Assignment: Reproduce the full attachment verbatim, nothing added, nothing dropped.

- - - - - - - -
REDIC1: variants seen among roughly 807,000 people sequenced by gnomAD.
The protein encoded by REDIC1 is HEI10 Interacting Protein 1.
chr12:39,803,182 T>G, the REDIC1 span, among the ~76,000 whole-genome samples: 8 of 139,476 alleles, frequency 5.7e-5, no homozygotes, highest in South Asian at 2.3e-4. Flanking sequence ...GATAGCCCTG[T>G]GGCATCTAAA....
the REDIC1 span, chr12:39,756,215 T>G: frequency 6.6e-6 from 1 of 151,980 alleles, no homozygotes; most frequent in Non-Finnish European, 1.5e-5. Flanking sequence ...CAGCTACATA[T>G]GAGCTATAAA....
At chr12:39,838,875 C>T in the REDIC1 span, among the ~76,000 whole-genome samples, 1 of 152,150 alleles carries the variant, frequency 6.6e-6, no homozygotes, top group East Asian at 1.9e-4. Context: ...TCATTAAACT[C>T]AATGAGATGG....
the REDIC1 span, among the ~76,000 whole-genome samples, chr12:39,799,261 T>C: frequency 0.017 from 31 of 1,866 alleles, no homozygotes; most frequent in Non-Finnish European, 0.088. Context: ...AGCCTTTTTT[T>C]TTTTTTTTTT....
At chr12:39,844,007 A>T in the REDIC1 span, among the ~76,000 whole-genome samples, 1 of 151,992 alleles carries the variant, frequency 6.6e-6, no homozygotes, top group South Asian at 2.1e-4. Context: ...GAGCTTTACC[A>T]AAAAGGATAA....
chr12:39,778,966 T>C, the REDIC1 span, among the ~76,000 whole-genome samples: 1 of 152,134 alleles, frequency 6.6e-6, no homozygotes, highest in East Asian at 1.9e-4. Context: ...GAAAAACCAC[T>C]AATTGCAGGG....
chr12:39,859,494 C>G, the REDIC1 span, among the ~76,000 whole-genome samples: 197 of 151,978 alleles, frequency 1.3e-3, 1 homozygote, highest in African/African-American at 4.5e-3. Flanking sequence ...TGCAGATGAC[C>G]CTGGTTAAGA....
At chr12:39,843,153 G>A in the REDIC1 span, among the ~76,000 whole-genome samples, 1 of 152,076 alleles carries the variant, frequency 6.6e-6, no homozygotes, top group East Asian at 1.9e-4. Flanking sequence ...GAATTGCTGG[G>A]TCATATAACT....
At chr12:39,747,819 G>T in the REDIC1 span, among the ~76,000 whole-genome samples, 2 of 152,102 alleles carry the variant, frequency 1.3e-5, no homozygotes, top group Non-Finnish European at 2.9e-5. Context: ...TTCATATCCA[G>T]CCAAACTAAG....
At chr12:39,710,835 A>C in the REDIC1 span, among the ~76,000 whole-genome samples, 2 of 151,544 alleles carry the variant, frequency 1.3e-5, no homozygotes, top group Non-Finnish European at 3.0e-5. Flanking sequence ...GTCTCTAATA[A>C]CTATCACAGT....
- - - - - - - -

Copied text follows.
REDIC1: variants seen among roughly 807,000 people sequenced by gnomAD.
The protein encoded by REDIC1 is HEI10 Interacting Protein 1.
chr12:39,803,182 T>G, the REDIC1 span, among the ~76,000 whole-genome samples: 8 of 139,476 alleles, frequency 5.7e-5, no homozygotes, highest in South Asian at 2.3e-4. Flanking sequence ...GATAGCCCTG[T>G]GGCATCTAAA....
the REDIC1 span, chr12:39,756,215 T>G: frequency 6.6e-6 from 1 of 151,980 alleles, no homozygotes; most frequent in Non-Finnish European, 1.5e-5. Flanking sequence ...CAGCTACATA[T>G]GAGCTATAAA....
At chr12:39,838,875 C>T in the REDIC1 span, among the ~76,000 whole-genome samples, 1 of 152,150 alleles carries the variant, frequency 6.6e-6, no homozygotes, top group East Asian at 1.9e-4. Context: ...TCATTAAACT[C>T]AATGAGATGG....
the REDIC1 span, among the ~76,000 whole-genome samples, chr12:39,799,261 T>C: frequency 0.017 from 31 of 1,866 alleles, no homozygotes; most frequent in Non-Finnish European, 0.088. Context: ...AGCCTTTTTT[T>C]TTTTTTTTTT....
At chr12:39,844,007 A>T in the REDIC1 span, among the ~76,000 whole-genome samples, 1 of 151,992 alleles carries the variant, frequency 6.6e-6, no homozygotes, top group South Asian at 2.1e-4. Context: ...GAGCTTTACC[A>T]AAAAGGATAA....
chr12:39,778,966 T>C, the REDIC1 span, among the ~76,000 whole-genome samples: 1 of 152,134 alleles, frequency 6.6e-6, no homozygotes, highest in East Asian at 1.9e-4. Context: ...GAAAAACCAC[T>C]AATTGCAGGG....
chr12:39,859,494 C>G, the REDIC1 span, among the ~76,000 whole-genome samples: 197 of 151,978 alleles, frequency 1.3e-3, 1 homozygote, highest in African/African-American at 4.5e-3. Flanking sequence ...TGCAGATGAC[C>G]CTGGTTAAGA....
At chr12:39,843,153 G>A in the REDIC1 span, among the ~76,000 whole-genome samples, 1 of 152,076 alleles carries the variant, frequency 6.6e-6, no homozygotes, top group East Asian at 1.9e-4. Flanking sequence ...GAATTGCTGG[G>A]TCATATAACT....
At chr12:39,747,819 G>T in the REDIC1 span, among the ~76,000 whole-genome samples, 2 of 152,102 alleles carry the variant, frequency 1.3e-5, no homozygotes, top group Non-Finnish European at 2.9e-5. Context: ...TTCATATCCA[G>T]CCAAACTAAG....
At chr12:39,710,835 A>C in the REDIC1 span, among the ~76,000 whole-genome samples, 2 of 151,544 alleles carry the variant, frequency 1.3e-5, no homozygotes, top group Non-Finnish European at 3.0e-5. Flanking sequence ...GTCTCTAATA[A>C]CTATCACAGT....